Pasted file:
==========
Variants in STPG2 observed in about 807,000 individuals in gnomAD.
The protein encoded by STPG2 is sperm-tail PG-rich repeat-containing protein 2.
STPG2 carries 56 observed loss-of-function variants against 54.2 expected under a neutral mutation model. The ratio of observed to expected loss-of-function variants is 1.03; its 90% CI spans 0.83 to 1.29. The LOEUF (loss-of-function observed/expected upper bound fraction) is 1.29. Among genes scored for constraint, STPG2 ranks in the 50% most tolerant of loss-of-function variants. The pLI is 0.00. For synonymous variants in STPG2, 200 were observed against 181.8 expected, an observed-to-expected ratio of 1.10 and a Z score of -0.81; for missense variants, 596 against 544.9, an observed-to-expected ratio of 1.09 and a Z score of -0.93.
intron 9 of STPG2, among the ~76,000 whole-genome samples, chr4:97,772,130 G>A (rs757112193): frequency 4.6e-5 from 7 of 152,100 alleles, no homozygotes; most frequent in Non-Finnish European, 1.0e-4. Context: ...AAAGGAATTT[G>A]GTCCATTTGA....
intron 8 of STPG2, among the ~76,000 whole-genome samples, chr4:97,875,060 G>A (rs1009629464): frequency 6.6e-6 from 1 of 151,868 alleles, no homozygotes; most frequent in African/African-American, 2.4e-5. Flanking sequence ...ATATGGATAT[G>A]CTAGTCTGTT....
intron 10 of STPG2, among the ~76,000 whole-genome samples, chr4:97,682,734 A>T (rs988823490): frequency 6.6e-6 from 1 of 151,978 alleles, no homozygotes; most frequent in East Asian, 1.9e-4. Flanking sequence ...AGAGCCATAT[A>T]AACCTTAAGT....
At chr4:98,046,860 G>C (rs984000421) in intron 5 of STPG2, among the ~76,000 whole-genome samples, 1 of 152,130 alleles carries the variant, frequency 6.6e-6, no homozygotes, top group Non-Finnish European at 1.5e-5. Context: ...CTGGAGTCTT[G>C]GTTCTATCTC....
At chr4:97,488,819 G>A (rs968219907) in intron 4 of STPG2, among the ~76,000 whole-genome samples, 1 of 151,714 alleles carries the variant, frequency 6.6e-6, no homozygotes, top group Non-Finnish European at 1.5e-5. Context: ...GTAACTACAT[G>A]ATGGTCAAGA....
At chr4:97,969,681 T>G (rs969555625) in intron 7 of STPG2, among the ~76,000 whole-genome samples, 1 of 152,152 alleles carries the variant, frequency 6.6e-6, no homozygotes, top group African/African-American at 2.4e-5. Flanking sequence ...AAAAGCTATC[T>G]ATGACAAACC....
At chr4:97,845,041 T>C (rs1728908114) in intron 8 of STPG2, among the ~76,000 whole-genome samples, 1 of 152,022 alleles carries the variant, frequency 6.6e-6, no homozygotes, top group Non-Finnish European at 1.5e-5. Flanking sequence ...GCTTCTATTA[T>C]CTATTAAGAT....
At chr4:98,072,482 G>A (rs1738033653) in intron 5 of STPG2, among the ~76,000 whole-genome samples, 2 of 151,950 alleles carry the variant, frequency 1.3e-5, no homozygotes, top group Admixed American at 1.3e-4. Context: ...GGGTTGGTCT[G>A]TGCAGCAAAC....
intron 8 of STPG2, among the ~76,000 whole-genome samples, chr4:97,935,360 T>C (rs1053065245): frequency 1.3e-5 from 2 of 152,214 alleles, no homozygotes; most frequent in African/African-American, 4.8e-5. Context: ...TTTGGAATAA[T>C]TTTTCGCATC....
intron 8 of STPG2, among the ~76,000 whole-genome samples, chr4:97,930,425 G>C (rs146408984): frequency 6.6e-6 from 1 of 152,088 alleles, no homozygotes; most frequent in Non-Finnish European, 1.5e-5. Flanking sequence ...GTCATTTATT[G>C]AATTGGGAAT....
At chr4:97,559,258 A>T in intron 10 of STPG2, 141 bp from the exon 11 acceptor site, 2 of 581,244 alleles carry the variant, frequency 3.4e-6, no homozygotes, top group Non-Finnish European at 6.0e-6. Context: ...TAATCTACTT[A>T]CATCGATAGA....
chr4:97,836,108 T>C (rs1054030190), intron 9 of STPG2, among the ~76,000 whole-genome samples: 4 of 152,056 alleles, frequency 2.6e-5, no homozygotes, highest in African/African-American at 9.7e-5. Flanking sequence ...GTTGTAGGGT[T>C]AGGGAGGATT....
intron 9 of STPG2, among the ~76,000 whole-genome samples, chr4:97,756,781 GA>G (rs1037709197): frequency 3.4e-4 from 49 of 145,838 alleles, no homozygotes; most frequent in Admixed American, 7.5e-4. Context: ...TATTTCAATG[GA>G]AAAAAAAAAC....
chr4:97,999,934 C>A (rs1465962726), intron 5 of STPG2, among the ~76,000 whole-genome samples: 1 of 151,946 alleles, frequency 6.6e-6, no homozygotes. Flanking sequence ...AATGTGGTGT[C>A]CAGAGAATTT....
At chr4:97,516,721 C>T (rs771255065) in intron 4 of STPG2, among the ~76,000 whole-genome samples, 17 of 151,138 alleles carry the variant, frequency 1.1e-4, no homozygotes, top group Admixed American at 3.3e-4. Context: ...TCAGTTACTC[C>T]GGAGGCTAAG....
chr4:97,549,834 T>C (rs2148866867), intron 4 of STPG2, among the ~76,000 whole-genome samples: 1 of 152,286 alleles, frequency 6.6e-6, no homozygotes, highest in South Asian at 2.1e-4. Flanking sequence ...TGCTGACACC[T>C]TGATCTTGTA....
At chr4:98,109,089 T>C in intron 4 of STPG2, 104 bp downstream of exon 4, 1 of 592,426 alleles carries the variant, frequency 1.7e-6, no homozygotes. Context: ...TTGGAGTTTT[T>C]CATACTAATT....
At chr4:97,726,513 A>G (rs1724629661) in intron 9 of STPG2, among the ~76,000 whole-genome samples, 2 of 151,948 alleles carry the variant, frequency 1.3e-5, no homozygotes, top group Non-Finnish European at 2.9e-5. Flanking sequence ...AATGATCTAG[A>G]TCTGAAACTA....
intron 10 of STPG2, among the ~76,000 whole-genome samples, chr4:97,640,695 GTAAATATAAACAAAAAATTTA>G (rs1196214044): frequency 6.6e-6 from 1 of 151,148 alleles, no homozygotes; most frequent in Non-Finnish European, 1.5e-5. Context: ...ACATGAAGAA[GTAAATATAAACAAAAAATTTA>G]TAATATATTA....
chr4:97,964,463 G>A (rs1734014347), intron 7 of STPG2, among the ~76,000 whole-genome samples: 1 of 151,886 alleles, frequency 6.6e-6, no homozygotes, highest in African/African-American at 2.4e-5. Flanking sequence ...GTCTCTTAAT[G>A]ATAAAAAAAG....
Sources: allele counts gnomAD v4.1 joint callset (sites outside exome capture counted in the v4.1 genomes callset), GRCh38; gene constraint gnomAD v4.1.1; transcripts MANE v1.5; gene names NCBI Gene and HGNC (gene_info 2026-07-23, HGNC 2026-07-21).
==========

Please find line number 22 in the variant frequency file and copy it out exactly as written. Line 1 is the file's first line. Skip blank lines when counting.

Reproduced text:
intron 10 of STPG2, among the ~76,000 whole-genome samples, chr4:97,640,695 GTAAATATAAACAAAAAATTTA>G (rs1196214044): frequency 6.6e-6 from 1 of 151,148 alleles, no homozygotes; most frequent in Non-Finnish European, 1.5e-5. Context: ...ACATGAAGAA[GTAAATATAAACAAAAAATTTA>G]TAATATATTA....